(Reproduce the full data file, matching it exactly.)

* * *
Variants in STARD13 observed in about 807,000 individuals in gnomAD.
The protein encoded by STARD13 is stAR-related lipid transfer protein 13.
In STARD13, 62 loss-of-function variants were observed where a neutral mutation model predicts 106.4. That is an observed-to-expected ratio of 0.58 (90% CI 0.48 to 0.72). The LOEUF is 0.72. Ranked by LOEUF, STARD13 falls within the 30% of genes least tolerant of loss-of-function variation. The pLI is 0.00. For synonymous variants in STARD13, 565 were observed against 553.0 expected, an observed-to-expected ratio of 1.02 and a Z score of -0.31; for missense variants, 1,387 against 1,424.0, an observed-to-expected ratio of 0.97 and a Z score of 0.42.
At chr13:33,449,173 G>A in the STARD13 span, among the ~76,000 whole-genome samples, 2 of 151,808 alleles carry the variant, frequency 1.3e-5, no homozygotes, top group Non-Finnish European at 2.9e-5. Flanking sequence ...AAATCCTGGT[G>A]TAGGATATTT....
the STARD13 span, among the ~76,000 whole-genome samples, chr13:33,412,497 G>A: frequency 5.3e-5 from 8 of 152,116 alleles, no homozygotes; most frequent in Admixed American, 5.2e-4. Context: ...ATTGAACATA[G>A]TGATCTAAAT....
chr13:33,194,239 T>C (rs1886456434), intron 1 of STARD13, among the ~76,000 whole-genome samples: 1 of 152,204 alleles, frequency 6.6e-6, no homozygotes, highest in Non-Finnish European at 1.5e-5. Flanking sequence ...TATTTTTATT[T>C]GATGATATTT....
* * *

Variants in STARD13 observed in about 807,000 individuals in gnomAD.
The protein encoded by STARD13 is stAR-related lipid transfer protein 13.
In STARD13, 62 loss-of-function variants were observed where a neutral mutation model predicts 106.4. That is an observed-to-expected ratio of 0.58 (90% CI 0.48 to 0.72). The LOEUF is 0.72. Ranked by LOEUF, STARD13 falls within the 30% of genes least tolerant of loss-of-function variation. The pLI is 0.00. For synonymous variants in STARD13, 565 were observed against 553.0 expected, an observed-to-expected ratio of 1.02 and a Z score of -0.31; for missense variants, 1,387 against 1,424.0, an observed-to-expected ratio of 0.97 and a Z score of 0.42.
At chr13:33,449,173 G>A in the STARD13 span, among the ~76,000 whole-genome samples, 2 of 151,808 alleles carry the variant, frequency 1.3e-5, no homozygotes, top group Non-Finnish European at 2.9e-5. Flanking sequence ...AAATCCTGGT[G>A]TAGGATATTT....
the STARD13 span, among the ~76,000 whole-genome samples, chr13:33,412,497 G>A: frequency 5.3e-5 from 8 of 152,116 alleles, no homozygotes; most frequent in Admixed American, 5.2e-4. Context: ...ATTGAACATA[G>A]TGATCTAAAT....
chr13:33,194,239 T>C (rs1886456434), intron 1 of STARD13, among the ~76,000 whole-genome samples: 1 of 152,204 alleles, frequency 6.6e-6, no homozygotes, highest in Non-Finnish European at 1.5e-5. Flanking sequence ...TATTTTTATT[T>C]GATGATATTT....